Apple has a crazily powerful digital store, used by hundreds of millions of customers. But if you want to sell something there it will cost you: In almost every case, Apple keeps 30 percent of the purchase price on whatever its users buy.

Beats Music, the new subscription music service that launched in January, figures that’s worth it.

Beats updated its iPhone app today, and now lets users subscribe to the $10 a month service from within the app, using iTunes’ billing system. That means Beats, and the music labels that license their stuff to the service, will give up $3 a month on every subscription sold through iTunes.

Beats CEO Ian Rogers says the decision to sell within the Apple app was fairly straightforward: More than half of Beats users use iPhones, and it’s very hard to get an iOS user to subscribe if you don’t sell in-app.

Two other music subscription services — Rhapsody and Rdio — have also agreed to sell subscriptions within Apple’s app, though Rdio raised the price for for in-app subscriptions from $10 a month to $15 a month to accommodate Apple’s tariff.

But Spotify, which is much larger than all three of the services, hasn’t made the move. Spotify does have a free, ad-supported tier available on its mobile app.

Selling in-app subscriptions is “what you do when you want subscribers,” Rogers said. “If you don’t care if people subscribe or not, and you’ve got a free product, maybe then you wouldn’t do it.”

The move may raise questions about Beats’ performance since launch. Last month Bloomberg reported that Beats was claiming, in investor pitches, a staggering 70 percent conversion rate among users trying the service via an AT&T promotion. But industry chatter is that Beats’ overall numbers aren’t blowing anyone away.

Rogers says his company is doing fine. “We’ve had far more people try the product than projected, ” he said. “Clearly the marketing works. The conversion rate on the AT&T plan is off the charts. It’s safe to say the biggest problem is coverting iOS users, and we’ve just fixed that.”

Beats should also have an iPad-specific version of its app available soon, Rogers said.



3 comments
KS2 Problema
KS2 Problema

 I've been a subscriber to THREE (3) different music subscription services that Ian Rogers has put in the ground: MusicMatch On Demand, Yahoo Music Unlimited, and the soon-to-die-but-temporarily-reprieved MOG.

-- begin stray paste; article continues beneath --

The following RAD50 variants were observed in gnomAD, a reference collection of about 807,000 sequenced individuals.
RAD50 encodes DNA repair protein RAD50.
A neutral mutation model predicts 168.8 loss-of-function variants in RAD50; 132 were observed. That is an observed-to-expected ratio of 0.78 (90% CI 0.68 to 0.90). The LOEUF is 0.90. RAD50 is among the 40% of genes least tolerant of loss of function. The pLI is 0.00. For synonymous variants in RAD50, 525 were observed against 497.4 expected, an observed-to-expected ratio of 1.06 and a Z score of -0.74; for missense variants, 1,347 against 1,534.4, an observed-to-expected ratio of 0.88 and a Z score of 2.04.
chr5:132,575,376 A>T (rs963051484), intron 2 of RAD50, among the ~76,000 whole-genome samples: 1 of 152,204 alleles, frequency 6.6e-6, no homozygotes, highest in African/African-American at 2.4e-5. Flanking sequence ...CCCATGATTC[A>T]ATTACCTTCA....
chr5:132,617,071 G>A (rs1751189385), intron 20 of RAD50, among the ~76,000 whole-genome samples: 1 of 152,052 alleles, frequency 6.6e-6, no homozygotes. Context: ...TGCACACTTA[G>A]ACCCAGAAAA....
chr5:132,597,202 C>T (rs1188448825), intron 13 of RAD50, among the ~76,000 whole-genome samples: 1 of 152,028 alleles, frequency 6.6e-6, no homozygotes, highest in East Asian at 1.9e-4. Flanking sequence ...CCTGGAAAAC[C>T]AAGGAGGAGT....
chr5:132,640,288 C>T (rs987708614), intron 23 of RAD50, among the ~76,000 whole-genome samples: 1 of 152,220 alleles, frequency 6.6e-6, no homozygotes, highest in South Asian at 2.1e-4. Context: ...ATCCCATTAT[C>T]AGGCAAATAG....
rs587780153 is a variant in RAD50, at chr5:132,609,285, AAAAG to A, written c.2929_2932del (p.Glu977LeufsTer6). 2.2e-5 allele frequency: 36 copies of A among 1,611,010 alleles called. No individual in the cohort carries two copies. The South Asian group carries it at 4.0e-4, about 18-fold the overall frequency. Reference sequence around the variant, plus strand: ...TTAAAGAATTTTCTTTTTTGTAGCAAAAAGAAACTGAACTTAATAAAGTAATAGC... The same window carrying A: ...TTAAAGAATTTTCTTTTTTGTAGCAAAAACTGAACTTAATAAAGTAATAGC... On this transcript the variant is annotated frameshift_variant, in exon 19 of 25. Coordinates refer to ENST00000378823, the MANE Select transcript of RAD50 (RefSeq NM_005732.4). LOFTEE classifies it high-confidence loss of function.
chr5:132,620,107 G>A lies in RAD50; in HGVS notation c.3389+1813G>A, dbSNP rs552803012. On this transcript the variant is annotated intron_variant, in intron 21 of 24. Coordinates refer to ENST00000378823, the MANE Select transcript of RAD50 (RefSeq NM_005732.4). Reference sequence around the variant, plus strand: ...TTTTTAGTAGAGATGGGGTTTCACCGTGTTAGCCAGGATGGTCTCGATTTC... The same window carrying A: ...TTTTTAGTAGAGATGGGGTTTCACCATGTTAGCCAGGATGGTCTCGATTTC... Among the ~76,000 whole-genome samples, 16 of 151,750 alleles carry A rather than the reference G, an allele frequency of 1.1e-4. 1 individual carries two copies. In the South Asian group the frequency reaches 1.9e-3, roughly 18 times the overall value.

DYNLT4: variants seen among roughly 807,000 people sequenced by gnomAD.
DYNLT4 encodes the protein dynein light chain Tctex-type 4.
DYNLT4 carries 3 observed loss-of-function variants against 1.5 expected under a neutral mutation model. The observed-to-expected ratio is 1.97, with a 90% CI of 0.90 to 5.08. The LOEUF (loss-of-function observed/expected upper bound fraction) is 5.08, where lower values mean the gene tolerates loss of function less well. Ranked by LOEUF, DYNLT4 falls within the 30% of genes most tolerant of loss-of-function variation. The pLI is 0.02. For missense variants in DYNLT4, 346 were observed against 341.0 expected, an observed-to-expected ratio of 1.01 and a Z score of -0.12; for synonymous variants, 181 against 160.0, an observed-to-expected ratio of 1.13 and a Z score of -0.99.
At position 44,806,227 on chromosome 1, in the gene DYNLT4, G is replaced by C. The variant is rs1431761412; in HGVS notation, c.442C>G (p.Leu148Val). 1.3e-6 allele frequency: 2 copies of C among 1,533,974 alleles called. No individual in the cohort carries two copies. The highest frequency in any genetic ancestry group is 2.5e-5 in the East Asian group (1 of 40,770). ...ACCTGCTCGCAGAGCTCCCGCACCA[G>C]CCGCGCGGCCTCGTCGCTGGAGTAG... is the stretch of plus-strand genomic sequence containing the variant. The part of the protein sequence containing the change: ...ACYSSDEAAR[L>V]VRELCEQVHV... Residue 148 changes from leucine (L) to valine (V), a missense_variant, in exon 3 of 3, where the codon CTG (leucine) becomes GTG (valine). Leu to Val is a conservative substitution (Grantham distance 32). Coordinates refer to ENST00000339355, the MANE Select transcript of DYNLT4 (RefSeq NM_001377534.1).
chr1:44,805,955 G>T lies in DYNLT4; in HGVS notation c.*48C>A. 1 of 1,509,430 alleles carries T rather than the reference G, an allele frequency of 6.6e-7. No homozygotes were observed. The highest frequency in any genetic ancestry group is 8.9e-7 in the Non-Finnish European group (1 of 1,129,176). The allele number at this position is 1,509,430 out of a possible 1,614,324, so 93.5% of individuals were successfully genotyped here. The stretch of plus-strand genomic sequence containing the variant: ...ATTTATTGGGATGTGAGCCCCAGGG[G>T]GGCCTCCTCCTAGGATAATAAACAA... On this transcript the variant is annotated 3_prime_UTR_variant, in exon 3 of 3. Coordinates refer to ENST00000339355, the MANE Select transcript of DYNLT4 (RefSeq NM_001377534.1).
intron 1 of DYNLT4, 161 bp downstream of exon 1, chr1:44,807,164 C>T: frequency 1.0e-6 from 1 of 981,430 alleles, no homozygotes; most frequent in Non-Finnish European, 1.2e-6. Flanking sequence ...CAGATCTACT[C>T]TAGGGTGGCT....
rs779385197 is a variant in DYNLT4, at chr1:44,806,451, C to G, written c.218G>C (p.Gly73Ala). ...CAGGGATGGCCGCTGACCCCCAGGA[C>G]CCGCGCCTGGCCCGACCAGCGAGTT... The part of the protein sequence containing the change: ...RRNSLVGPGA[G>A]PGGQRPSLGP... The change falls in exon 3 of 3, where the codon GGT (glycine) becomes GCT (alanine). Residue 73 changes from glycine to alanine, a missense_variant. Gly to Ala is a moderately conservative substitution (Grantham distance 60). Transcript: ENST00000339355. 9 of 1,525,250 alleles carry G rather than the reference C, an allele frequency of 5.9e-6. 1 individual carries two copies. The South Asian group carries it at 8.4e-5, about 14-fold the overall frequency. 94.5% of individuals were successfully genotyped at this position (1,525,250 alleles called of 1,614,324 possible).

In each case, he took a system that worked and put it out of business.

When he was hired to (in a sense) turn MOG into Beats (as he'd turned MusicMatch On Demand into the arguably inferior Yahoo Music), my heart sank.

But I remained hopeful. I did TWO separate trials of Beats Music. I REALLY wanted it to work for me. But it's hopeless. It may be garish and blinged out  but the user interface hides a stunted, ridiculously limited  player with very little user control. 

I finally gave up and found that the all-320 kbps Google All Access has improved greatly since I tried it last year. It has more or less the same '20 million' tracks as everyone else but a far superior player user interface. (It's painfully plain looking, but I use the Chrome Stylebot extension and the Gray Flannel Cool restyle to give it a nice, sharp look.)


Today Beats bites the bullet.

I wonder how long it will be before they bite the dust?

marcv
marcv

 I don't think this Beats service will survive.  Too much entrenched competition and they are not doing anything much better to get anyone to switch or use them instead

KS2 Problema
KS2 Problema

@marcv  I'd say they're doing worse in many ways. Worse than the old MOG, for sure, in the eyes of many MOG users I've monitored since leaving there. Beats doesn't even have a play queue. You can play a song, album,  or playlist but you can't add new songs or albums or playlists to the queue of what's playing -- because there is no queue.

If you want to add something, your option is interrupt what's playing and play the new song/album/playlist now or stick around until what's playing is over and then manually start the new whatever.

It's bizarre that they thought Beats  was ready for prime time.

Yet MOG, which Rogers and Beats are dismantling, worked well -- Though not as well as All Access, I'm afraid. MOG had a lot of outages and a tendency to stop in the middle of things or not advance to the next song at times. Still it was WORLDS more sophisticated than Beats.

But, you know, Beats tells people what they want to listen to and there are a certain cohort of people who appear to need that.

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